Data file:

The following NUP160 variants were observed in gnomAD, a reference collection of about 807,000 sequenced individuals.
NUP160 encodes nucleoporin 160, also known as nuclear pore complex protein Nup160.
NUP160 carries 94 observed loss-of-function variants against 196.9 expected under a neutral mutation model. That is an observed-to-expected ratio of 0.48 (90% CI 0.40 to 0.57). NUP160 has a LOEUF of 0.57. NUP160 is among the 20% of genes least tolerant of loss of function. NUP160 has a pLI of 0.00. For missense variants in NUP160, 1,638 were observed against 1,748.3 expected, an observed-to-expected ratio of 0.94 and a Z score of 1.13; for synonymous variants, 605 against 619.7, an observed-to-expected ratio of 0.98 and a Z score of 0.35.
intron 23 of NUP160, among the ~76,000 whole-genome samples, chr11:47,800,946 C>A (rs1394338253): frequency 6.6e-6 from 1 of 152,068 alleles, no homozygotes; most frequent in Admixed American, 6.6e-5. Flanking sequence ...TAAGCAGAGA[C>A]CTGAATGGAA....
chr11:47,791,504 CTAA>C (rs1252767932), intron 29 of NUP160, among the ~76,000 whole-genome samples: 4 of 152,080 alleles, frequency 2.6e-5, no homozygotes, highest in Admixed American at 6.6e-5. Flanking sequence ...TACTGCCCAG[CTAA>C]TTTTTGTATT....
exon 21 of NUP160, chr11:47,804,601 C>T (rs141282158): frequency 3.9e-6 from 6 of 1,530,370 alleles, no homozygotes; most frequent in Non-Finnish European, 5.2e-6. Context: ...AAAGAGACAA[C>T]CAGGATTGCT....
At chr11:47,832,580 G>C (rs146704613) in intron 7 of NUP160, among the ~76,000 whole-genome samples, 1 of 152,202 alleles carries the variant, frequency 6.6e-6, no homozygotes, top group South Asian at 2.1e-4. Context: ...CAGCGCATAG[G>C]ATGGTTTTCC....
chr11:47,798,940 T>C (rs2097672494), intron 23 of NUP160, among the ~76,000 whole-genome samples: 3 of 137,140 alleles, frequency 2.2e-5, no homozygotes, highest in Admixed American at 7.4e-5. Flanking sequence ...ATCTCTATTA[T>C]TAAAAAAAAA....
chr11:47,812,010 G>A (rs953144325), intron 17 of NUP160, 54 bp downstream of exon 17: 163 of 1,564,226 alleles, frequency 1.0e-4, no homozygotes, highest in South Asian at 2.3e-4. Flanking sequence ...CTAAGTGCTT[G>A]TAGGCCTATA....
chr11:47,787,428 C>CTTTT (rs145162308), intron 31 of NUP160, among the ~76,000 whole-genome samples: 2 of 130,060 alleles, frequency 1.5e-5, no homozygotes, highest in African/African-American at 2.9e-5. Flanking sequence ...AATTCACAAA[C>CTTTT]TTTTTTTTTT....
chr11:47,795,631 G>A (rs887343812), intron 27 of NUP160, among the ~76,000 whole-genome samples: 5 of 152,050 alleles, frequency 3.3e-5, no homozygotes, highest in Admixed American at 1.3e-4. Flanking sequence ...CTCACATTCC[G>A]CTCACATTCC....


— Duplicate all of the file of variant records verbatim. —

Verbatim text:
The following NUP160 variants were observed in gnomAD, a reference collection of about 807,000 sequenced individuals.
NUP160 encodes nucleoporin 160, also known as nuclear pore complex protein Nup160.
NUP160 carries 94 observed loss-of-function variants against 196.9 expected under a neutral mutation model. That is an observed-to-expected ratio of 0.48 (90% CI 0.40 to 0.57). NUP160 has a LOEUF of 0.57. NUP160 is among the 20% of genes least tolerant of loss of function. NUP160 has a pLI of 0.00. For missense variants in NUP160, 1,638 were observed against 1,748.3 expected, an observed-to-expected ratio of 0.94 and a Z score of 1.13; for synonymous variants, 605 against 619.7, an observed-to-expected ratio of 0.98 and a Z score of 0.35.
intron 23 of NUP160, among the ~76,000 whole-genome samples, chr11:47,800,946 C>A (rs1394338253): frequency 6.6e-6 from 1 of 152,068 alleles, no homozygotes; most frequent in Admixed American, 6.6e-5. Flanking sequence ...TAAGCAGAGA[C>A]CTGAATGGAA....
chr11:47,791,504 CTAA>C (rs1252767932), intron 29 of NUP160, among the ~76,000 whole-genome samples: 4 of 152,080 alleles, frequency 2.6e-5, no homozygotes, highest in Admixed American at 6.6e-5. Flanking sequence ...TACTGCCCAG[CTAA>C]TTTTTGTATT....
exon 21 of NUP160, chr11:47,804,601 C>T (rs141282158): frequency 3.9e-6 from 6 of 1,530,370 alleles, no homozygotes; most frequent in Non-Finnish European, 5.2e-6. Context: ...AAAGAGACAA[C>T]CAGGATTGCT....
At chr11:47,832,580 G>C (rs146704613) in intron 7 of NUP160, among the ~76,000 whole-genome samples, 1 of 152,202 alleles carries the variant, frequency 6.6e-6, no homozygotes, top group South Asian at 2.1e-4. Context: ...CAGCGCATAG[G>C]ATGGTTTTCC....
chr11:47,798,940 T>C (rs2097672494), intron 23 of NUP160, among the ~76,000 whole-genome samples: 3 of 137,140 alleles, frequency 2.2e-5, no homozygotes, highest in Admixed American at 7.4e-5. Flanking sequence ...ATCTCTATTA[T>C]TAAAAAAAAA....
chr11:47,812,010 G>A (rs953144325), intron 17 of NUP160, 54 bp downstream of exon 17: 163 of 1,564,226 alleles, frequency 1.0e-4, no homozygotes, highest in South Asian at 2.3e-4. Flanking sequence ...CTAAGTGCTT[G>A]TAGGCCTATA....
chr11:47,787,428 C>CTTTT (rs145162308), intron 31 of NUP160, among the ~76,000 whole-genome samples: 2 of 130,060 alleles, frequency 1.5e-5, no homozygotes, highest in African/African-American at 2.9e-5. Flanking sequence ...AATTCACAAA[C>CTTTT]TTTTTTTTTT....
chr11:47,795,631 G>A (rs887343812), intron 27 of NUP160, among the ~76,000 whole-genome samples: 5 of 152,050 alleles, frequency 3.3e-5, no homozygotes, highest in Admixed American at 1.3e-4. Flanking sequence ...CTCACATTCC[G>A]CTCACATTCC....